And Finally...  Yes, Ive seen a few, and played a Virtual Pin at a local gameshow here.  One of which was one of Foleys machines, which had all the sensors in it.   I found the graphics to be flat and poorly shaded (cartooney & without any contrast)...  the fast motion was "ghosty",  and the play was easier and far less the experience of the real machines.  None of the tables I tried played anything like the real deal...   and in a show full of real pins to compare against... I think it says a lot about the relative experience.    I even have a collector friend whom usually Loves everything... and he even talked about how lame the virtual pins were.   And thats saying a lot.. cause this guy is all smiles and roses.

 Its not to say I do not enjoy being able to experience virtual pinball tables.   Because I can and have had fun using them on my pc, on a CRT.  But to spend several Thousands for cabinets that are not offering much over even that experience... seems completely ridiculous to me.

 I guess what Im trying to say..  is that when I wanted an Indiana Jones Pinball machine..  NO amount of virtual pinball could satisfy me.  I played it a few times on location... then on my pc...  then back some more on location... and then bit the bullet and dropped one on my credit card.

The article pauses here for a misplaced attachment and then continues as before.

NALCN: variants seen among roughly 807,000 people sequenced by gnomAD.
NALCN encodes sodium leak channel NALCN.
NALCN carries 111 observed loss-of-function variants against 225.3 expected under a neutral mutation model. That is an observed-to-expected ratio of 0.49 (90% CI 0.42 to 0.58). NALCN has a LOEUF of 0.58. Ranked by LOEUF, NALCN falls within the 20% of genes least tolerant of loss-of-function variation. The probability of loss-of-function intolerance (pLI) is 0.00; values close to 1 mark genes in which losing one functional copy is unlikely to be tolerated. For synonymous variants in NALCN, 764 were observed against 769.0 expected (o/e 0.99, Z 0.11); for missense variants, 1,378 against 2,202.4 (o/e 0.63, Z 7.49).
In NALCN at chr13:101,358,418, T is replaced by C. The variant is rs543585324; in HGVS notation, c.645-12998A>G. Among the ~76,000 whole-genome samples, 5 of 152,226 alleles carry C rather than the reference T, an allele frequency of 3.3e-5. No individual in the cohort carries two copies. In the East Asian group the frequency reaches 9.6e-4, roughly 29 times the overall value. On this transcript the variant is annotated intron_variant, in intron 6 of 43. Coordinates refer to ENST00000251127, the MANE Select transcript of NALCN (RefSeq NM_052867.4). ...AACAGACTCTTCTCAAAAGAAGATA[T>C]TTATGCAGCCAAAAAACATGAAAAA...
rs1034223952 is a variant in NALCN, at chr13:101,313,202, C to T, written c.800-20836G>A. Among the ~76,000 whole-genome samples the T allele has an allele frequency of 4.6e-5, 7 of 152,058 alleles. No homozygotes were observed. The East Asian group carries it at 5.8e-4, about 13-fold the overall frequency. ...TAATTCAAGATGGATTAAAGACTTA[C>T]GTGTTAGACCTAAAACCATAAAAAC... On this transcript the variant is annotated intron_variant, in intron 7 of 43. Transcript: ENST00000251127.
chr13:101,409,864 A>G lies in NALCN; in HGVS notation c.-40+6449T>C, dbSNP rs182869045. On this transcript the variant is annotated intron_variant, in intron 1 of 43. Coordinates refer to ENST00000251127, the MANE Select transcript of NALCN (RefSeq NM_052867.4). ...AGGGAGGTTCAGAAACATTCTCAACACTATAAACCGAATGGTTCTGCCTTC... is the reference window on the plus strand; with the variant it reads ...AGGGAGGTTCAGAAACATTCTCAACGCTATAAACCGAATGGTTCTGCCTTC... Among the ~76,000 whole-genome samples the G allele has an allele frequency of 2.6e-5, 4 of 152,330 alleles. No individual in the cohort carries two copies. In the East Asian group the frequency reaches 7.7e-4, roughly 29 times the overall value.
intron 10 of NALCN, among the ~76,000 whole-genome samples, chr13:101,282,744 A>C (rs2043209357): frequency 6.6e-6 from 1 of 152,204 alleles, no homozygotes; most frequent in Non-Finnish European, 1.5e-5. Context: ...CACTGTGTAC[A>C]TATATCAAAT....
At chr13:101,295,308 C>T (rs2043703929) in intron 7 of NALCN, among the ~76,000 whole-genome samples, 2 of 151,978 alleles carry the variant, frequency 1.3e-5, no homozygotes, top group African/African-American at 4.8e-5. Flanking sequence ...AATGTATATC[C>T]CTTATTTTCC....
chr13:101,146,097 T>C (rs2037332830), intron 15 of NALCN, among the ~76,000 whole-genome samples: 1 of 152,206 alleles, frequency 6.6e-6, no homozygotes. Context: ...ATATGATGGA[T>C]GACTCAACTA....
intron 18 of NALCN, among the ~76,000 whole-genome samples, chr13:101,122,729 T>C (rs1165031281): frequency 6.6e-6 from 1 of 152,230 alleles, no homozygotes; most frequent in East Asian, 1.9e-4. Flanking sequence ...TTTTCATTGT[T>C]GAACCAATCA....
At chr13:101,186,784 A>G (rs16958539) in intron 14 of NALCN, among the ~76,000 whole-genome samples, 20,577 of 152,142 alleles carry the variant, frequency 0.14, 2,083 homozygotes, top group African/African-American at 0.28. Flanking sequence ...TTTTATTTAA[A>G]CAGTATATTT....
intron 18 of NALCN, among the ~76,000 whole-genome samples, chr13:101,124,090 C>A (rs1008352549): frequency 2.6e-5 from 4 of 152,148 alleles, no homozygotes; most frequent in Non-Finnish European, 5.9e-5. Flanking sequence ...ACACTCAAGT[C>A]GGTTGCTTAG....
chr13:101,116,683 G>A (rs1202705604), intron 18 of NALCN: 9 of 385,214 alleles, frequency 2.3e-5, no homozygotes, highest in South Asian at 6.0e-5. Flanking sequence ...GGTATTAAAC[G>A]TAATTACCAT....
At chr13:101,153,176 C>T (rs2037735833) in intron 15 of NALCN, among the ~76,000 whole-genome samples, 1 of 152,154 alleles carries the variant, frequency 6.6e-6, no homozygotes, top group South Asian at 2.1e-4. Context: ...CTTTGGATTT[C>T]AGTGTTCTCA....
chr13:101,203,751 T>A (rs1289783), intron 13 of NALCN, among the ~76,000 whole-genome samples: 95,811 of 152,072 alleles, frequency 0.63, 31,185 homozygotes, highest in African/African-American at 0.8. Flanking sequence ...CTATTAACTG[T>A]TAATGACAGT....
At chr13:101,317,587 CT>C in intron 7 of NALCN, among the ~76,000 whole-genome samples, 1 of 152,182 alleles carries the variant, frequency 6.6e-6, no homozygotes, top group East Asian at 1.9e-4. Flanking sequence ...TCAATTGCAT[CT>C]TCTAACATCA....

Even the lower priced machines are about 90% more fun than the Virtural machines... IMO, and so why not pick one of them up?  I got a Williams Fire for peanuts... and it plays more fun than the best of the virtual machines.

 I guess the easiest thing to say, after I thought about this some more...  is that it is like spending $2000 to buy a virtual Ski-ball machine..  when you could buy a real used ski-ball machine for the same or less money.  Sure, the Virtual machine will also play Virtual darts, Virtual Pool, Virtual Bowling..etc..   But none of them will be as fun and challenging as the real machine you can actually buy.    If you cant afford even the lowest $ machine.. then your probably not building or buying a virtual machine anyways... and can just as easily play them on a cheap PC, or mildly cheap mame cab.